62 relations: Access network, American wire gauge, Asynchronous Transfer Mode, Backhaul (telecommunications), Baseband, Baud, Bit rate, Category 3 cable, Cisco Systems, Computer network, Crosstalk, Data rate units, Decibel, Digital subscriber line, Duplex (telecommunications), EPON Protocol over Coax, Ethernet, Ethernet in the first mile, Ethernet over copper, Ethernet over twisted pair, Ethernet physical layer, Fast Ethernet, Fiber to the x, Fiber-optic communication, Gigabit Ethernet, IEEE 802.3, Infineon Technologies, Institute of Electrical and Electronics Engineers, ITU-T, Last mile, Local area network, Local loop, Long Reach Ethernet, McGraw-Hill Education, MEF Forum, Metro Ethernet, Metropolitan area network, Michael Silverton, Multi-family residential, Nortel, Operations, administration and management, Optical fiber, Passband, Passive optical network, PHY (chip), Plain old telephone service, PME Aggregation Function, Point-to-multipoint communication, Point-to-point (telecommunications), Robert Metcalfe, ..., Signal-to-noise ratio, Single-pair high-speed digital subscriber line, Symbol rate, Throughput, Twisted pair, University of New Hampshire InterOperability Laboratory, Very-high-bit-rate digital subscriber line, Very-high-bit-rate digital subscriber line 2, Wide area network, Zhone Technologies, 10BROAD36, 10G-EPON. Expand index (12 more) » « Shrink index
An access network is the part of a telecommunications network which connects subscribers to their immediate service provider.
American wire gauge (AWG), also known as the Brown & Sharpe wire gauge, is a standardized wire gauge system used since 1857 predominantly in North America for the diameters of round, solid, nonferrous, electrically conducting wire.
Asynchronous Transfer Mode (ATM) is, according to the ATM Forum, "a telecommunications concept defined by ANSI and ITU (formerly CCITT) standards for carriage of a complete range of user traffic, including voice, data, and video signals".
In a hierarchical telecommunications network the backhaul portion of the network comprises the intermediate links between the core network, or backbone network and the small subnetworks at the "edge" of the entire hierarchical network.
Baseband is a signal that has a very narrow frequency range, i.e. a spectral magnitude that is nonzero only for frequencies in the vicinity of the origin (termed f.
In telecommunication and electronics, baud (unit symbol Bd) is the unit for symbol rate or modulation rate in symbols per second or pulses per second.
New!!: Ethernet in the first mile and Baud ·
In telecommunications and computing, bit rate (sometimes written bitrate or as a variable R) is the number of bits that are conveyed or processed per unit of time.
Category 3 cable, commonly known as Cat 3 or station wire, and less commonly known as VG or Voice-grade (as, for example, in 100BaseVG), is an unshielded twisted pair (UTP) cable used in telephone wiring.
Cisco Systems, Inc. is an American multinational technology company headquartered in San Jose, California, that designs, manufactures, and sells networking equipment.
A computer network or data network is a telecommunications network which allows computers to exchange data.
In electronics, crosstalk is any phenomenon by which a signal transmitted on one circuit or channel of a transmission system creates an undesired effect in another circuit or channel.
In telecommunications, data transfer rate is the average number of bits (bitrate), characters or symbols (baudrate), or blocks per unit time passing between equipment in a data transmission system.
The decibel (dB) is a logarithmic unit that expresses the ratio of two values of a physical quantity, often power or intensity.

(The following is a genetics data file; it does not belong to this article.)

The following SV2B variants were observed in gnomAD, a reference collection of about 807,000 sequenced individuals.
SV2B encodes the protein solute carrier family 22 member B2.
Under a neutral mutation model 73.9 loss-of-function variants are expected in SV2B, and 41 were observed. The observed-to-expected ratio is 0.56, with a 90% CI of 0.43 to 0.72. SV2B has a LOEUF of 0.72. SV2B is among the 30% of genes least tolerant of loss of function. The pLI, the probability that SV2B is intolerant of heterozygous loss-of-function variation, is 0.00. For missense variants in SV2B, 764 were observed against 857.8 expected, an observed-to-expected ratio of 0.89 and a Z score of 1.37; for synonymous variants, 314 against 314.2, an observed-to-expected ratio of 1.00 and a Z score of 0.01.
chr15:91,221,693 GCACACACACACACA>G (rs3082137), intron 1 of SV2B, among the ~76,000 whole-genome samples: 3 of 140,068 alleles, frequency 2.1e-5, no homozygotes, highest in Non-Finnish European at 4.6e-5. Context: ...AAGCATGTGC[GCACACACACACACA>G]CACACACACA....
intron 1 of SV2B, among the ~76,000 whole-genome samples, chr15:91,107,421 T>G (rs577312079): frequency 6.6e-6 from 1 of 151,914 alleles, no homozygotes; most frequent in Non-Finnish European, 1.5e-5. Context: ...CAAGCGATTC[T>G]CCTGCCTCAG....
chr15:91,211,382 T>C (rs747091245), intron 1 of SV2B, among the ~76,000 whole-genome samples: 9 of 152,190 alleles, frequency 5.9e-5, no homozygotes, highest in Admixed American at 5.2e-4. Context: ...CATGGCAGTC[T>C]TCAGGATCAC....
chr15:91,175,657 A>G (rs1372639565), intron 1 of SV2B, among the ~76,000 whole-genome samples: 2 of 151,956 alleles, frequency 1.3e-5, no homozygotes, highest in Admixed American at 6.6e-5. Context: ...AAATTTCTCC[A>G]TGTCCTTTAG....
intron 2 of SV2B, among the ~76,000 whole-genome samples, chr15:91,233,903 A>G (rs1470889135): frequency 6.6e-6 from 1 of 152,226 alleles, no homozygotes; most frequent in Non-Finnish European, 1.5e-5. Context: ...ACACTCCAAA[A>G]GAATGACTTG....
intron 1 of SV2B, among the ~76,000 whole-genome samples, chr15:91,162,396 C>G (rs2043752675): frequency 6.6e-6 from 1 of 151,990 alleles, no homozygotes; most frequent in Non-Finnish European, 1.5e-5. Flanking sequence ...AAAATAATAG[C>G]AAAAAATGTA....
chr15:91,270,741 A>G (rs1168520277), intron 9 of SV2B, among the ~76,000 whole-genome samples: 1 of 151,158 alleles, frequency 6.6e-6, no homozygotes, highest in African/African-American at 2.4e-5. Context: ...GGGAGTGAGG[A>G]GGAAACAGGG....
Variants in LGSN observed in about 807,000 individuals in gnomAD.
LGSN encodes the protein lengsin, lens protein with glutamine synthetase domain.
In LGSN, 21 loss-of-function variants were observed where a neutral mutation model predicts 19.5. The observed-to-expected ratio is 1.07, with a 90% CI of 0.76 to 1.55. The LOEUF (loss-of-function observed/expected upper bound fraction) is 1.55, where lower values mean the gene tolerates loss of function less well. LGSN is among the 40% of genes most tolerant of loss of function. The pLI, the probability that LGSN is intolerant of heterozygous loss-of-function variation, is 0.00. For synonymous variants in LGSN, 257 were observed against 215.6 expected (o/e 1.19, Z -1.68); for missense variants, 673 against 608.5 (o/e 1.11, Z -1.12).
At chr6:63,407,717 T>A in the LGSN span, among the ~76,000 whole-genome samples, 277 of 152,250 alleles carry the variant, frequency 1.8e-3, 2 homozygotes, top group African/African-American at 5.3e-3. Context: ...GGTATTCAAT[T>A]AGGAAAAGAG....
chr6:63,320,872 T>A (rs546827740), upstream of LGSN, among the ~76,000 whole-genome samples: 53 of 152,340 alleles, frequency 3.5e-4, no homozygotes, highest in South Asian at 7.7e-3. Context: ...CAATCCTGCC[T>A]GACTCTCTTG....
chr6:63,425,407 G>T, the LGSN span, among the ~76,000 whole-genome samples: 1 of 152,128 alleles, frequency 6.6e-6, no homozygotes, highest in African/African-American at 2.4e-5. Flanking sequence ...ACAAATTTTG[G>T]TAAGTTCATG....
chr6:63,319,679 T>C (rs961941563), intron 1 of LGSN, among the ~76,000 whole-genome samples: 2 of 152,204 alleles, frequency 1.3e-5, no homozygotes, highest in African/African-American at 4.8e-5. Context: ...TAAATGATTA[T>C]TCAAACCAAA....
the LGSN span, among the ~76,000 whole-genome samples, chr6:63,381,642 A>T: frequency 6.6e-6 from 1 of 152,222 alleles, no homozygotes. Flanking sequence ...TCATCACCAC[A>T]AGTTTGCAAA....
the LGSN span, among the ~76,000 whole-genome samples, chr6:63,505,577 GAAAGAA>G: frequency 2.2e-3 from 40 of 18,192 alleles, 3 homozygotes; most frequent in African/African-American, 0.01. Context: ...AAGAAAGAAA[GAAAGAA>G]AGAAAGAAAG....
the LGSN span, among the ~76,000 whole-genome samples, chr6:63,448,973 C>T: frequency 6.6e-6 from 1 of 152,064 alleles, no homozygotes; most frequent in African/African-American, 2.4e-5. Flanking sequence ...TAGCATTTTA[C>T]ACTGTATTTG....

Digital subscriber line (DSL; originally digital subscriber loop) is a family of technologies that are used to transmit digital data over telephone lines.
A duplex communication system is a point-to-point system composed of two connected parties or devices that can communicate with one another in both directions.
EPON Protocol over Coax, or EPoC, refers to the transparent extension of an Ethernet passive optical network (EPON) over a cable operator's hybrid fiber-coax (HFC) network.
Ethernet is a family of computer networking technologies for local area networks (LANs) and metropolitan area networks (MANs).
Ethernet in the first mile (EFM) refers to using one of the Ethernet family of computer network protocols between a telecommunications company and a customer's premises.
Ethernet over copper (also known as EoC) is a form of Ethernet in the first mile connection that uses twisted copper telephone wire.
Ethernet over twisted pair technologies use twisted-pair cables for the physical layer of an Ethernet computer network.
The Ethernet physical layer is the physical layer component of the Ethernet family of computer network standards.
In computer networking, Fast Ethernet is a collective term for a number of Ethernet standards that carry traffic at the nominal rate of 100 Mbit/s (the original Ethernet speed was 10 Mbit/s).
Fiber to the x (FTTX) is a generic term for any broadband network architecture using optical fiber to provide all or part of the local loop used for last mile telecommunications.
Fiber-optic communication is a method of transmitting information from one place to another by sending pulses of light through an optical fiber.
In computer networking, Gigabit Ethernet (GbE or 1 GigE) is a term describing various technologies for transmitting Ethernet frames at a rate of a gigabit per second (1,000,000,000 bits per second), as defined by the IEEE 802.3-2008 standard.
IEEE 802.3 is a working group and a collection of IEEE standards produced by the working group defining the physical layer and data link layer's media access control (MAC) of wired Ethernet.
Infineon Technologies AG is a German semiconductor manufacturer founded on 1 April 1999, when the semiconductor operations of the parent company Siemens AG were spun off to form a separate legal entity.
The Institute of Electrical and Electronics Engineers (IEEE) is a professional association with its corporate office in New York City and its operations center in Piscataway, New Jersey.
The ITU Telecommunication Standardization Sector (ITU-T) is one of the three sectors (divisions or units) of the International Telecommunication Union (ITU); it coordinates standards for telecommunications.
New!!: Ethernet in the first mile and ITU-T ·
The last mile or last kilometer is a widely accepted phrase used in the telecommunications, cable television and internet industries to refer to the final leg of the telecommunications networks delivery components and mechanisms to retail end-users / customers.